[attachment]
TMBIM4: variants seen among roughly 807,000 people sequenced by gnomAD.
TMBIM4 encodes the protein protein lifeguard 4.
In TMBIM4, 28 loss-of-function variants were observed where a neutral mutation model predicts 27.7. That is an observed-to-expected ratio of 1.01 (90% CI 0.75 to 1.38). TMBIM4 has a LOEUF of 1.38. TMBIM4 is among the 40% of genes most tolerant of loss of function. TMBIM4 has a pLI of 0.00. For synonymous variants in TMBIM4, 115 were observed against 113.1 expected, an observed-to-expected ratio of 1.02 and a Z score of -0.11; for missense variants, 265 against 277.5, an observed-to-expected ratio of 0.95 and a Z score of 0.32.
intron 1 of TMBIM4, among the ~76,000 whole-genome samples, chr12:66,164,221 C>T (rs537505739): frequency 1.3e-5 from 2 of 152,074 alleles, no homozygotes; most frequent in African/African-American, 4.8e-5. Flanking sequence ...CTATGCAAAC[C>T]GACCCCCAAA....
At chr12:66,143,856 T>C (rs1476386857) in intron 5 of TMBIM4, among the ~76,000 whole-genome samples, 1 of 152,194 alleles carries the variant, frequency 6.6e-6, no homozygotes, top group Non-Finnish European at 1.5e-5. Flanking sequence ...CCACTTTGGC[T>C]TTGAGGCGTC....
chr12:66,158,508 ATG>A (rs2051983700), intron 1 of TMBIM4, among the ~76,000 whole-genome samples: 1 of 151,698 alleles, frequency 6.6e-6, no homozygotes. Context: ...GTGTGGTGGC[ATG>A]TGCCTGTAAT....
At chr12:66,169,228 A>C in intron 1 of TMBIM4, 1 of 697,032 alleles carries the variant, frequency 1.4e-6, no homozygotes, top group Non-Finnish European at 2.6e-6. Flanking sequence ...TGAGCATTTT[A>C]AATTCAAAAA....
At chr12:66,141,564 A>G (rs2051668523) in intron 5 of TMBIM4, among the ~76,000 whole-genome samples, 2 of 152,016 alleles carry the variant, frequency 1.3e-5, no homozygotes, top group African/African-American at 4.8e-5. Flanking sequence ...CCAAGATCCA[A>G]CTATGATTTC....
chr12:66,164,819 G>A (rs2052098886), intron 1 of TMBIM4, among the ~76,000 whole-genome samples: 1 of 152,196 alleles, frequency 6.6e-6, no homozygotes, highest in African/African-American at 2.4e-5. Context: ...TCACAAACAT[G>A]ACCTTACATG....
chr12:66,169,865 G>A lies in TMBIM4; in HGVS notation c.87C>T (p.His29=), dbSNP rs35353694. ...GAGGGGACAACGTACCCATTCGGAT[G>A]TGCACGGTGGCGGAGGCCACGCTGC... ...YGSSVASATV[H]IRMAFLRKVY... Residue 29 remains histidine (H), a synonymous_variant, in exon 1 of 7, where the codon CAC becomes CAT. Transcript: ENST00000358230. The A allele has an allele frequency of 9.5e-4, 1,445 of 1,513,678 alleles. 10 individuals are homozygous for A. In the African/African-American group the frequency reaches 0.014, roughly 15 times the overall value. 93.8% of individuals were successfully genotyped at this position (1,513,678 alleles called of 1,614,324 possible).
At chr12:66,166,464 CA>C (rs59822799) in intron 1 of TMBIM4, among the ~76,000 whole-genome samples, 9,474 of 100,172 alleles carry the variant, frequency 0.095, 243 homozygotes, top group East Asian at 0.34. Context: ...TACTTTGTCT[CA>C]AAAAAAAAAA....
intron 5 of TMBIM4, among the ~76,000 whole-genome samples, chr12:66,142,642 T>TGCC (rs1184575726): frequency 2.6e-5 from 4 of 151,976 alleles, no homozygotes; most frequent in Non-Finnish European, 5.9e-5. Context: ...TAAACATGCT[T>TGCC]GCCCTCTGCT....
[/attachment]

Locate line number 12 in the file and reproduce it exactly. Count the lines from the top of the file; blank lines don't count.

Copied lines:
intron 5 of TMBIM4, among the ~76,000 whole-genome samples, chr12:66,142,642 T>TGCC (rs1184575726): frequency 2.6e-5 from 4 of 151,976 alleles, no homozygotes; most frequent in Non-Finnish European, 5.9e-5. Context: ...TAAACATGCT[T>TGCC]GCCCTCTGCT....